Concepts: Over-the-counter drug, World Wide Web, Pollen, Asthma, Rhinitis, Copyright, All rights reserved, Allergy


Antrochoanal polyp is a benign polypoid lesion orginating from the maxillary sinus antrum and extending to the choana. Our aim was to assess the clinical presentation and associated rhinological findings of antrochoanal polyp patients and to evaluate results of 2 surgical treatments termed endoscopic sinus surgery (ESS) and ESS plus mini-Caldwell operation. The study included 46 patients. Factors such as patient age, sex, history of chronic sinusitis, allergic rhinitis, septal deviations, chonca bullosa, turbinate hypertrophy, and the origin of the polyp were assessed. We also evaluated ESS and ESS plus mini-Caldwell surgical procedures for recurrences, synechia, bleeding, and ostium stenosis. Overall, there were 27 men and 19 women. The ESS approach was used in 26 cases, and 20 cases had combined ESS and mini-Caldwell procedures. The statistical significant difference between the 2 groups was only recurrence (P ≤ 0.05). In the ESS group, bleeding, synechia, and ostium stenosis were seen more than in the ESS + mini-Caldwell group, but there was no significant difference between the 2 groups in bleeding, synechia, and ostium stenosis (P > 0.05). We thought that lower rate of recurrence found in ESS + Caldwell group in this study was associated with better visualization of the maxillary sinus walls and, therefore, easier resection of the remnant polyp. We concluded that higher incidences of bleeding and synechia were related to the mucosal damage occurring in the septum and the inferior concha due to excessive manipulation of endoscope and surgical instruments.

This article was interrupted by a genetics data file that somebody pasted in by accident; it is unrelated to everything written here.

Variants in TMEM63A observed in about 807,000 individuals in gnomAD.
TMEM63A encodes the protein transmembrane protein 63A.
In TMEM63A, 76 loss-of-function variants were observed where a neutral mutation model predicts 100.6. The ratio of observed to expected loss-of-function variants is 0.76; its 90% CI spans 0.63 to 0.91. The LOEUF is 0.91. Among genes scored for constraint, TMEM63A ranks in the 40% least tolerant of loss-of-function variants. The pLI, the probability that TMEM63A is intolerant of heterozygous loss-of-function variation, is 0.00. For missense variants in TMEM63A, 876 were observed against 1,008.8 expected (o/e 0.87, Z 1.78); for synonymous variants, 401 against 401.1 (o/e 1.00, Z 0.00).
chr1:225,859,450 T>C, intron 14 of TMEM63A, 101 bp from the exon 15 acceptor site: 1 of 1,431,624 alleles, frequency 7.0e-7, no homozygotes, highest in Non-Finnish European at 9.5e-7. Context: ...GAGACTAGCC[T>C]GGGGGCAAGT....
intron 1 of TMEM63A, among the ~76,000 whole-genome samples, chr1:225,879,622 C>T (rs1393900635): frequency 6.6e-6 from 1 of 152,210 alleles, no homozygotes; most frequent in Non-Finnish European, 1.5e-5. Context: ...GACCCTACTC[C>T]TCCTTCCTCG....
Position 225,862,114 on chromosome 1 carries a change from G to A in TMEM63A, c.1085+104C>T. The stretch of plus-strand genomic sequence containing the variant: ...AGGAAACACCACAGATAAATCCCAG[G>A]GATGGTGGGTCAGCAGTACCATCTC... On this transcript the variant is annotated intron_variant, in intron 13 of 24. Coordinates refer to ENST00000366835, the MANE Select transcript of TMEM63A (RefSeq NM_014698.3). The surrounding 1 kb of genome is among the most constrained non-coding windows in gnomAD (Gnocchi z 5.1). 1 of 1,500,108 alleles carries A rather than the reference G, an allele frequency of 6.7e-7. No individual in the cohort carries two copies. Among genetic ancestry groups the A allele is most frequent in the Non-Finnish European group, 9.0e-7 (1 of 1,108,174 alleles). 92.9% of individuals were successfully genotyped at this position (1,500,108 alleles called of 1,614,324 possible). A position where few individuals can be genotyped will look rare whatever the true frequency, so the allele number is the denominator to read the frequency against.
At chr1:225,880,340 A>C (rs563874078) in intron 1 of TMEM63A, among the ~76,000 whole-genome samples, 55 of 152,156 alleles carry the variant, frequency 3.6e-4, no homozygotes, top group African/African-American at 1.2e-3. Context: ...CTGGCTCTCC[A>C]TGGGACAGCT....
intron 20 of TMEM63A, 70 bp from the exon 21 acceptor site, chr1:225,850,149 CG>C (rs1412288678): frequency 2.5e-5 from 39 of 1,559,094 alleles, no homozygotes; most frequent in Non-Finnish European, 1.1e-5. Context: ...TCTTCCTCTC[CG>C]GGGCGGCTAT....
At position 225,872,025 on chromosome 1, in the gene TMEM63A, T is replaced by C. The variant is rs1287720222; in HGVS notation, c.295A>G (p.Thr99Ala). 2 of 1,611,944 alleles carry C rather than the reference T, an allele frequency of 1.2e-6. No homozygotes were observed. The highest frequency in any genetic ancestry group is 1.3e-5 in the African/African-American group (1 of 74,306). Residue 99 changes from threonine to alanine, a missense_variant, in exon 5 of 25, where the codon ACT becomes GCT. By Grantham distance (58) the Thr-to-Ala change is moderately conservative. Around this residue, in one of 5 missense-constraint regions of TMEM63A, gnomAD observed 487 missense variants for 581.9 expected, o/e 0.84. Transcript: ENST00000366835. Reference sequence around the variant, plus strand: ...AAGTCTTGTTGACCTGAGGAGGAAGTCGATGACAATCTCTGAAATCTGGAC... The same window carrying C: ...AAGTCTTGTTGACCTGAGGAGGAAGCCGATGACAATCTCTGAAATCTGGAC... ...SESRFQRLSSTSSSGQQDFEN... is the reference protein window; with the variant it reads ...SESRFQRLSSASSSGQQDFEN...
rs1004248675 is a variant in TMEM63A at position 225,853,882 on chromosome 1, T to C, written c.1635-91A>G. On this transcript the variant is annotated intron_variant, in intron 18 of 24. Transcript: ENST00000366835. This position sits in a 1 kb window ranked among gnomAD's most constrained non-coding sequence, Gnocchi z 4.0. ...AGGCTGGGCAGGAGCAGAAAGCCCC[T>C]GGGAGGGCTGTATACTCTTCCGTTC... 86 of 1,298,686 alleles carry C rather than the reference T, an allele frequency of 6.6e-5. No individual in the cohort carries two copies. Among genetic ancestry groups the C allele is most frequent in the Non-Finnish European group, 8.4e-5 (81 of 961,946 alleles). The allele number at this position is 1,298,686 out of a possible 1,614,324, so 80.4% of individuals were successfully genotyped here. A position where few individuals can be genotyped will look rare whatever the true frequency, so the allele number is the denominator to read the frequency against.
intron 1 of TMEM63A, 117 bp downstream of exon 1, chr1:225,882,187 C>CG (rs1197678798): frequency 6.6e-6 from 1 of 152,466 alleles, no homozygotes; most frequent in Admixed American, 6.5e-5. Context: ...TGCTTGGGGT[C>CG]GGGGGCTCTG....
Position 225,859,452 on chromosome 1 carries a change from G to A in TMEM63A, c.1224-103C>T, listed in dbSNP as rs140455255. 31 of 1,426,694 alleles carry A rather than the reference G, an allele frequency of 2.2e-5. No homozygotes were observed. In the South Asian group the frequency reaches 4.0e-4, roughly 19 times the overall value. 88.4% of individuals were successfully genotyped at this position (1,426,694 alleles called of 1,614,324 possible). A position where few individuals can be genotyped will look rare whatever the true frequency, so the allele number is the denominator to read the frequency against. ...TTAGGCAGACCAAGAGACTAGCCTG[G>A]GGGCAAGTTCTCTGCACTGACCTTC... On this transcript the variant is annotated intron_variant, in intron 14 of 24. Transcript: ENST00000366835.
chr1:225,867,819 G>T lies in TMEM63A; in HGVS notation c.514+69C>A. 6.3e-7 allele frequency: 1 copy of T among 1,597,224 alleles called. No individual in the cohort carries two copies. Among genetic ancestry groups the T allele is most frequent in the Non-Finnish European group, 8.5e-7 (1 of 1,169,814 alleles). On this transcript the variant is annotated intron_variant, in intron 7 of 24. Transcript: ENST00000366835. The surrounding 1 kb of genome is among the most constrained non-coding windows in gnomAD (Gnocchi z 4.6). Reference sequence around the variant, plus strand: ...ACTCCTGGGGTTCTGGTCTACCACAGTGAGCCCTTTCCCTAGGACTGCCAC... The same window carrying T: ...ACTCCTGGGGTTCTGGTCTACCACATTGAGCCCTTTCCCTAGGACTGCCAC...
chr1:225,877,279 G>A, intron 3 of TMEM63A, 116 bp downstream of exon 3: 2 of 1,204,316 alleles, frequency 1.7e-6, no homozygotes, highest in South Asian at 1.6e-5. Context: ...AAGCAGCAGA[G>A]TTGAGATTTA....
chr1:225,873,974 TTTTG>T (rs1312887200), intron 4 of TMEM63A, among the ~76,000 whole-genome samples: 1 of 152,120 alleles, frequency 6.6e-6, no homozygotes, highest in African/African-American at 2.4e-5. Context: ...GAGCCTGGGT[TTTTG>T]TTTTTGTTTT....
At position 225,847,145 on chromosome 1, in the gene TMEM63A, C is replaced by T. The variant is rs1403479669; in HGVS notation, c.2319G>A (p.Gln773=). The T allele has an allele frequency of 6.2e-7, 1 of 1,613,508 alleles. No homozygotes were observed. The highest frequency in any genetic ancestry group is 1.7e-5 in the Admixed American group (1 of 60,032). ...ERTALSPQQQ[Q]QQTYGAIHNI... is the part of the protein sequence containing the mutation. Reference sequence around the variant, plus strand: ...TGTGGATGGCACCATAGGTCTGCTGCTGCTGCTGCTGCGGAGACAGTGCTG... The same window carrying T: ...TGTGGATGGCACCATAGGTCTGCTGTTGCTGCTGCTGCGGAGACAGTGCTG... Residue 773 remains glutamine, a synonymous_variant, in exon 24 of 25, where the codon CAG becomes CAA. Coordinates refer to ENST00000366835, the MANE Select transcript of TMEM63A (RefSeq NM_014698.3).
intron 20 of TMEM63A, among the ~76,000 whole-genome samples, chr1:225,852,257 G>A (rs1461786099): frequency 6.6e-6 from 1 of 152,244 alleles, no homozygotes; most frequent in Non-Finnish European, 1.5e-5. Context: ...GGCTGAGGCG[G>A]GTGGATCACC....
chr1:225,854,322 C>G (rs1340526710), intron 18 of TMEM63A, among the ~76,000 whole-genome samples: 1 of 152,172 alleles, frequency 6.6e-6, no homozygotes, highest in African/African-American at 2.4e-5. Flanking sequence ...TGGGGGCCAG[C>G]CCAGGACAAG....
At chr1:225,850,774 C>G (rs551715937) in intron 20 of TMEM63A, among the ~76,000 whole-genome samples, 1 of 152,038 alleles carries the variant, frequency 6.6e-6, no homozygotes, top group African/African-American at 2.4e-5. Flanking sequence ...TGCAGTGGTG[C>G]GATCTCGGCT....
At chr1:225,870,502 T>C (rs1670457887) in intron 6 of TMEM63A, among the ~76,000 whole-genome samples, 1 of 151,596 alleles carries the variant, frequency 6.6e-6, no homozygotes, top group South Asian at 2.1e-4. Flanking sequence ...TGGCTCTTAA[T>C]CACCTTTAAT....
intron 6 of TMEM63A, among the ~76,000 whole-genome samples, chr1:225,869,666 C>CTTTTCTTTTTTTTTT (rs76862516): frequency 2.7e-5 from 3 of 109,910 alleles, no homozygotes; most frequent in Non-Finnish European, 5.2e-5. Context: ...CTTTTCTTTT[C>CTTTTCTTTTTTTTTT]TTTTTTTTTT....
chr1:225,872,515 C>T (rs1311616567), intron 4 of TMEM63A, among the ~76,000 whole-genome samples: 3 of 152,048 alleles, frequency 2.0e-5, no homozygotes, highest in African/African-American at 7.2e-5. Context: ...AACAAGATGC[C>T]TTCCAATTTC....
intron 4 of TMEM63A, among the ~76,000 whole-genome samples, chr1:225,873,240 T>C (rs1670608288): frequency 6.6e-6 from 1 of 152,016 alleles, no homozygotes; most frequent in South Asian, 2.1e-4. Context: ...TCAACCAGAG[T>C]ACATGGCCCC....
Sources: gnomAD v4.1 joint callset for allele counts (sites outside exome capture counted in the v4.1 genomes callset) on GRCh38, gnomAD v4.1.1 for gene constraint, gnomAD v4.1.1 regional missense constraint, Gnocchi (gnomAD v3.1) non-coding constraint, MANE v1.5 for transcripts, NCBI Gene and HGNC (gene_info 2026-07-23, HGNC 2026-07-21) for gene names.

Concepts: Functional Endoscopic Sinus Surgery, Inferior nasal concha, Concha bullosa, Rhinitis, Allergy, Surgery, Maxillary sinus, Sinusitis


BACKGROUND: Certain foods may increase or decrease the risk of developing asthma, rhinoconjunctivitis and eczema. We explored the impact of the intake of types of food on these diseases in Phase Three of the International Study of Asthma and Allergies in Childhood. METHODS: Written questionnaires on the symptom prevalence of asthma, rhinoconjunctivitis and eczema and types and frequency of food intake over the past 12 months were completed by 13-14-year-old adolescents and by the parents/guardians of 6-7-year-old children. Prevalence ORs were estimated using logistic regression, adjusting for confounders, and using a random (mixed) effects model. RESULTS: For adolescents and children, a potential protective effect on severe asthma was associated with consumption of fruit ≥3 times per week (OR 0.89, 95% CI 0.82 to 0.97; OR 0.86, 95% CI 0.76 to 0.97, respectively). An increased risk of severe asthma in adolescents and children was associated with the consumption of fast food ≥3 times per week (OR 1.39, 95% CI 1.30 to 1.49; OR 1.27, 95% CI 1.13 to 1.42, respectively), as well as an increased risk of severe rhinoconjunctivitis and severe eczema. Similar patterns for both ages were observed for regional analyses, and were consistent with gender and affluence categories and with current symptoms of all three conditions. CONCLUSIONS: If the association between fast foods and the symptom prevalence of asthma, rhinoconjunctivitis and eczema is causal, then the findings have major public health significance owing to the rising consumption of fast foods globally.

Concepts: Eating, Rhinitis, Disease, Nutrition, Eczema, Food, Asthma, Allergy



Past evidence has suggested a role of artificial sweeteners in allergic disease; yet, the evidence has been inconsistent and unclear.

Concepts: Sweeteners, Pulmonology, Immunology, Rhinitis, Asthma, Sugar substitute, Soft drink, Allergy